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HSE encourages women to take up first breast screening invitation

 Angela Walton from Ballyleague, Co Roscommon, who was diagnosed with breast cancer following the routine mammogram at her first screening with BreastCheck in March 2023.

“I consider myself incredibly lucky that I had my breast screening mammogram when I did,” according to Angela Walton from Ballyleague, Co Roscommon, who was diagnosed with breast cancer following the routine mammogram at her first screening with BreastCheck in March 2023.

Sharing her story as part of Breast Cancer Awareness Month, Angela explains that she was “amazed at the number of women who have had similar experiences as me. I’ve been shocked at the number of women I have met who have not checked the register to make sure they will get their invitation for screening.

“I was lucky that my mammogram identified a tumour, still too small to feel, and yet, one cancer cell had entered a lymph node. If I had had my screening earlier it might not have shown up on the mammogram. And then if I had delayed going for screening, my treatment plan and diagnosis would most likely be very different. My message to women is to check the register and when you get your invitation go for your screening. For me, the outlook is positive.”

Breast cancer is the second most common cancer in women in Ireland and a 2023 national survey for BreastCheck found that 48% of Irish adults have either been personally affected by or have had someone close to them affected by breast cancer.

The HSE’s BreastCheck programme is encouraging women to choose screening and take up their BreastCheck appointment when they are invited. Breast screening helps find breast cancer early. Around 3,500 women are diagnosed with breast cancer in Ireland every year and about a third of these people will have cancer detected through screening.

BreastCheck Programme Manager Suzanne Lynch explained that “we know that women may have questions about breast cancer screening and this Breast Cancer Awareness Month we want to give them all the information they need to help them to choose screening – especially women who are being offered breast screening for the first time. Women can expect their first appointment between the age of 50 and 53. We are particularly keen for women to take up this appointment because it is an age when we know women are less likely to attend. We also know that when a woman comes for one screening test, she is likely to come back regularly. And recent research has found that women who develop breast cancer have a stronger survival rate if they have regularly taken part in screening.”

Suzanne added:

“If you can’t attend your appointment, please let us know so we can offer the appointment to another woman who is waiting for screening. Contact us and we can rearrange your appointment for a time that suits you. Your details should be on our register and you can check all your details are there by visiting”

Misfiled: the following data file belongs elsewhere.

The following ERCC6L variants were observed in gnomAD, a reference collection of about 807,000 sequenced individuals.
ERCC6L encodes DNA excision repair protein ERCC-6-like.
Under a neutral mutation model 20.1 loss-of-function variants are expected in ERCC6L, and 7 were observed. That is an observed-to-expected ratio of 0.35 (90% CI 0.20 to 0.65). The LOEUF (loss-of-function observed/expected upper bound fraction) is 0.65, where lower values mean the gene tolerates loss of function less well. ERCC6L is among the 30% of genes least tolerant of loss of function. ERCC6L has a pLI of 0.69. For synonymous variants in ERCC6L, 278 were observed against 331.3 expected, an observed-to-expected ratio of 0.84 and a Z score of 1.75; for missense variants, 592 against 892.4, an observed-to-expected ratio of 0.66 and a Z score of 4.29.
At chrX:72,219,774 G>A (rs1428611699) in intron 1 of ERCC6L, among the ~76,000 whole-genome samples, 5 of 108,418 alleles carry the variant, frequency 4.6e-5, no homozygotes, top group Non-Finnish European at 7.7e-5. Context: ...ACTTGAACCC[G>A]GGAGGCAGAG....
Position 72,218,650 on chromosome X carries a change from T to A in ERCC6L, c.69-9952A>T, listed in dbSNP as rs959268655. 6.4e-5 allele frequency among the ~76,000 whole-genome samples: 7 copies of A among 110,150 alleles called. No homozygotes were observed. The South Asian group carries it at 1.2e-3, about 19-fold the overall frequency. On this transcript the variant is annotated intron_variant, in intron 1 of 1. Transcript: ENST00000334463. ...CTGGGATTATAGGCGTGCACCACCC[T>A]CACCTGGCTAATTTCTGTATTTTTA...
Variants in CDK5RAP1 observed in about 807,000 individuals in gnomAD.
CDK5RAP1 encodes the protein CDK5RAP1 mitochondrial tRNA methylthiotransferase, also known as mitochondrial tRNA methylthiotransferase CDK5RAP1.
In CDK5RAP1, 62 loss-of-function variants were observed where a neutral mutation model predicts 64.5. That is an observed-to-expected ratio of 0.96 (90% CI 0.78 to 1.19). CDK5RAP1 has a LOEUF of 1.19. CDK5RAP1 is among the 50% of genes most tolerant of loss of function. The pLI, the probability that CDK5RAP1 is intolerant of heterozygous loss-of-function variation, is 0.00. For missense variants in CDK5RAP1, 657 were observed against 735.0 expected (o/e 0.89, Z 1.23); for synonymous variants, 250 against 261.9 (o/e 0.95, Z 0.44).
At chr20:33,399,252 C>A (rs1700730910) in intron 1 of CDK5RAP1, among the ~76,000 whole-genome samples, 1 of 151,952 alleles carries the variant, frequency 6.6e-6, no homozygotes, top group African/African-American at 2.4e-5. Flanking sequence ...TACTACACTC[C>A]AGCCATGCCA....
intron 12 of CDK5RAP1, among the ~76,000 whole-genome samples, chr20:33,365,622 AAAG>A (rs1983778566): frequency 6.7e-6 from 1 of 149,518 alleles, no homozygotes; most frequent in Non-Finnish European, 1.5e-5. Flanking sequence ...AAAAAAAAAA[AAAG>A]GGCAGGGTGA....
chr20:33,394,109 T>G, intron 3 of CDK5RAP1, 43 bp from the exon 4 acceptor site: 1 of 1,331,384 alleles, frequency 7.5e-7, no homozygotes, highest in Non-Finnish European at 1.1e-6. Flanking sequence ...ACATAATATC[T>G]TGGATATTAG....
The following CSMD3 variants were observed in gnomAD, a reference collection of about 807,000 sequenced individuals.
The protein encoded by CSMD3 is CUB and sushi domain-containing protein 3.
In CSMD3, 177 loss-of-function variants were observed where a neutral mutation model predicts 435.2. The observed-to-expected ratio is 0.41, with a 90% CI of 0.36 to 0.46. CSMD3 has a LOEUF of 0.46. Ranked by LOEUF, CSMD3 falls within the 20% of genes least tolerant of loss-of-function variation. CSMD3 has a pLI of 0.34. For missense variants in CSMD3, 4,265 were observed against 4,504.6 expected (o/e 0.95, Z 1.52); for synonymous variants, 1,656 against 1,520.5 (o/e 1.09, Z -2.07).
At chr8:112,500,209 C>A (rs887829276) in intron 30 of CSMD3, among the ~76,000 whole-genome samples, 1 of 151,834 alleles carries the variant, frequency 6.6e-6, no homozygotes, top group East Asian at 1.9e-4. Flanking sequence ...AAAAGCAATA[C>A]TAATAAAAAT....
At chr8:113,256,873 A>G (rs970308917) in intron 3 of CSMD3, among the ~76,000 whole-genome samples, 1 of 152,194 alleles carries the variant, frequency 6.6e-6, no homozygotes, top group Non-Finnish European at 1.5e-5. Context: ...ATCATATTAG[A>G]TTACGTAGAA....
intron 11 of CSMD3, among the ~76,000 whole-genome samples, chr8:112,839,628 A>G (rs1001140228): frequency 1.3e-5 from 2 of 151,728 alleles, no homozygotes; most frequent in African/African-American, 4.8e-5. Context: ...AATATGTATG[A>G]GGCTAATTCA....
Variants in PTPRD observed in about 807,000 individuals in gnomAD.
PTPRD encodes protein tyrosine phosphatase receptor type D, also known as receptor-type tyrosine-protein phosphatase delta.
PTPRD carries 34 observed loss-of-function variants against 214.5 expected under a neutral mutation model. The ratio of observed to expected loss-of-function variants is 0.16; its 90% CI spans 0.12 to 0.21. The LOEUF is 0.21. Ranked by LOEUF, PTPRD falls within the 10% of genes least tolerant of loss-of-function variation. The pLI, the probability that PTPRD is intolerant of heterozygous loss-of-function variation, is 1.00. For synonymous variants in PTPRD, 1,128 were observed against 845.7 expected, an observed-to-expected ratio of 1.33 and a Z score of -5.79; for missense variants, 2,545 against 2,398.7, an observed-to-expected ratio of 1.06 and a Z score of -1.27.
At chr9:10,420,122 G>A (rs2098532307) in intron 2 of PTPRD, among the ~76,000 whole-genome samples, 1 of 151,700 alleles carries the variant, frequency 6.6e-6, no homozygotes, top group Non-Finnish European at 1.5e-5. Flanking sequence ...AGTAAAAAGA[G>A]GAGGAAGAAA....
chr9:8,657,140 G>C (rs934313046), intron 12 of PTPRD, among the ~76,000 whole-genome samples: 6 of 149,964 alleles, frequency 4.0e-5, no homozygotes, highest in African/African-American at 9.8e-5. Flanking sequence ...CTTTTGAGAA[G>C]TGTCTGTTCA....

According to BreastCheck Clinical Director Professor Fidelma Flanagan, “every very year we screen about 170,000 women and detect about 1,100 cancer cases. While we know that most people’s screening results are normal and no cancer is found, for some women, a fear of finding something wrong may stop them from coming for screening. Our national survey earlier this year found that 59% of women identified a “fear of finding something wrong” as one of the reasons they wouldn’t come for screening.

“However, screening can help to find cancer early, when it may be easier to treat, giving you a better chance of recovery. But I have to emphasise that screening is not for women with symptoms of cancer. If any woman is worried that something may be wrong, do not wait for your screening appointment - go to your GP immediately.”

Prof Flanagan further explained that "breast screening aims to find changes in your breast, at an early stage, and reduce the number of new cases and deaths associated with breast cancer. It’s important for women also to be aware that no screening programme will detect every cancer. So as well as regularly attending screening, we should all be breast aware and know what is normal for each of us and know the symptoms to watch out for.”

Rachel Morrogh, Director of Advocacy at the Irish Cancer Society explained how ‘’BreastCheck has contributed significantly to improvements in breast cancer survival.  Finding cancer as early as possible can help save lives, which is why we are urging people to accept and attend their breast screening appointment when invited. We're particularly appealing to women who are offered breast screening for the first time. It’s really important that women who are eligible for this free service prioritise and find time for an appointment.

“We are mindful of all the competing demands we know women face, such as work and family commitments, but making time for this appointment could make a real difference in terms of your future health. Anyone with a concern or query about cancer or screening can also contact our Irish Cancer Society nurses on our Freephone Support Line at 1800 200 700 or, where they will receive free, non-judgmental information and advice.”

If you have symptoms of breast cancer, do not wait for your screening appointment - contact your GP without delay. These symptoms are:

  • any lumps or unusual thickening in either breast
  • dimpling, puckering or redness of the skin
  • a nipple that appears to be pulled-in or flattened
  • a rash or flaky or crusted skin around either nipple
  • a change in the size or shape of your breast
  • swelling in your armpit or around your collarbone